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Influential Vegetarians in History: Social Figures

In this installment of Influential Vegetarians in History, we look at two polarizing social figures and the impact these individuals have had on shaping history. The amazing contributions of Albert Einstein and Mohandas Gandhi have had an unquestionable role in developing the way we currently think and live our lives—let’s take a closer look at these humanitarians’ impact on social advancement, and the role vegetarianism played into their inspirational stories.

Albert Einstein

The revolutionary physicist and humanitarian has become so renowned for innovation that his name alone is synonymous with the word genius the world over. Rising to prominence in his native Germany, Einstein established his legacy with a string of innovations before making his most notable discovery: the law of the photoelectric effect, E = mc². At the dawn of World War II, Einstein relocated to the United States. Upon arriving stateside, Einstein was pivotal in informing president Eisenhower of Adolf Hitler’s plans to develop nuclear weapons. Tragically, the United States government responded by developing the Manhattan Project, and subsequently launched a nuclear attack on Japan. Einstein was vehemently against the use of these weapons by any nation, and released the Russell-Einstein Manifesto in an attempt to educate the public of the dangerous consequences of nuclear warfare.

A purveyor of environmental conservation and cultural development, Einstein was outspoken about his views of religious and political equality, and strongly encouraged fellow human beings to follow suit in his strides for evolution. Einstein openly advocated a vegetarian diet, viewing the lifestyle as the most beneficial to the preservation of the environment, stating, “Vegetarian food leaves a deep impression on our nature. If the whole world adopts vegetarianism, it can change the destiny of humankind.” Einstein also viewed the lifestyle as the most healthful for life and longevity: “Nothing will benefit human health and increase the chances for survival of life on Earth as much as the evolution to a vegetarian diet.”

Mohandas Karamchand Gandhi

Born into an affluent political family in Gujarat, India, Gandhi left the security of his family lineage and education to dedicate his life to the selfless advancement and liberation of the human race. At the age of twenty-four, after returning from law school in London, Gandhi set out to South Africa to represent Indian traders in the city of Pretoria. Having never been ostracized for the color of his skin in his native India, Gandhi was quickly exposed to the harsh realities of xenophobia in South Africa. Urged by locals to stay in South Africa to aid in passing legislation against discriminatory laws, Gandhi would end up remaining in the continent for a whopping 21 years: eventually earning Indians the right to vote. Following his extended stay in South Africa, Gandhi organized communes and massive protests in his native India in an effort to dismantle the oppressive British forces occupying his homeland. Gandhi continued his compassionate mission of non-violence until he was assassinated in 1948.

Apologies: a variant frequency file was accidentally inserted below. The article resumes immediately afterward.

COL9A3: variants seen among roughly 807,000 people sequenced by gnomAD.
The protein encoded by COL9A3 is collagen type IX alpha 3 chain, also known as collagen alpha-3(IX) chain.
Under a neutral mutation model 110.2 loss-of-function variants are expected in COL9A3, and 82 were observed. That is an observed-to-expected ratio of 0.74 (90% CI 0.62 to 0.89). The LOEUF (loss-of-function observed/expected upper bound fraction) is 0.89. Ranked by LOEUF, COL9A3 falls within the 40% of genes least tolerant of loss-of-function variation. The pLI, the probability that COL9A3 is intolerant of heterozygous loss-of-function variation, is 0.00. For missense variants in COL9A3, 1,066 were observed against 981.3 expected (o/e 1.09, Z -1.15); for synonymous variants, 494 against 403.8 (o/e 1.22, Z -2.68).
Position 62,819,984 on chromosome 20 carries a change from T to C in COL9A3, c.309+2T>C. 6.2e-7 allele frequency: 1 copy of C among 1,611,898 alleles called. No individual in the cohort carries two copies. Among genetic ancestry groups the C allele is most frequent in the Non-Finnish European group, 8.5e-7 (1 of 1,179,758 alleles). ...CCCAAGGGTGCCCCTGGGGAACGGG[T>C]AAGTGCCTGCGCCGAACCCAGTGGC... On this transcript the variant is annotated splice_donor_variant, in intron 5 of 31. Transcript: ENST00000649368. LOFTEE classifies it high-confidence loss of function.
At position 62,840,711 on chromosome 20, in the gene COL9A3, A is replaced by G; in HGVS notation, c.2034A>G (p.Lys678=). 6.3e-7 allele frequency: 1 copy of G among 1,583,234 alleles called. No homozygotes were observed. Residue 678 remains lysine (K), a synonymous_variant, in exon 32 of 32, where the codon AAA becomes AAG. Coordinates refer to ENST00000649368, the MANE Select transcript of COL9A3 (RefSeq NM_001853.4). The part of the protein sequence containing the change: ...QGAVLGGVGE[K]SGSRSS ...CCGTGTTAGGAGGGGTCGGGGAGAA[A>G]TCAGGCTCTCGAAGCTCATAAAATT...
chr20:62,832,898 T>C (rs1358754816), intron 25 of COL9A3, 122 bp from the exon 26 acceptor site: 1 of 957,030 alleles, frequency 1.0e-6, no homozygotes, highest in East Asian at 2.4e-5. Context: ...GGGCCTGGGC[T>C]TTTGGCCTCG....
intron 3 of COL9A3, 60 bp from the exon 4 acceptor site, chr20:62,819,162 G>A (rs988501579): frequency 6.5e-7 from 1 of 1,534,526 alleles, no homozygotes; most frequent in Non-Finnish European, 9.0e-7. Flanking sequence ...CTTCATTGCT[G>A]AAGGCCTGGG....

At the heart of Gandhi’s indelible will was a love for all living things, and his view that social progress is entirely dependent on compassion and equality, as illustrated in his famous lines: "The greatness of a nation and its moral progress can be judged by the way its animals are treated,” and “The life of a lamb is no less precious than that of a human being.” Gandhi was greatly instrumental in the growth of vegetarianism in the twentieth century, and is associated with the movement perhaps more than any other social figure before or since. Gandhi worked tenaciously to spread the popularity of vegetarianism, working side by side with the chairman of the London vegetarian society, Dr. Josiah Oldfield, and composed the book, The Moral Basis of Vegetarianism.

Plant-Based Progression

Both Einstein and Gandhi dedicated their lives to the progression of humanity. The underlying ethics of their common mission was a love and respect for the world as a whole. By maintaining their spiritual and physical health through a vegetarian lifestyle, both of these historical icons showed that they truly practiced what they preached, and serve as enduring and inspiring role models for future generations of ethically conscientious innovators.

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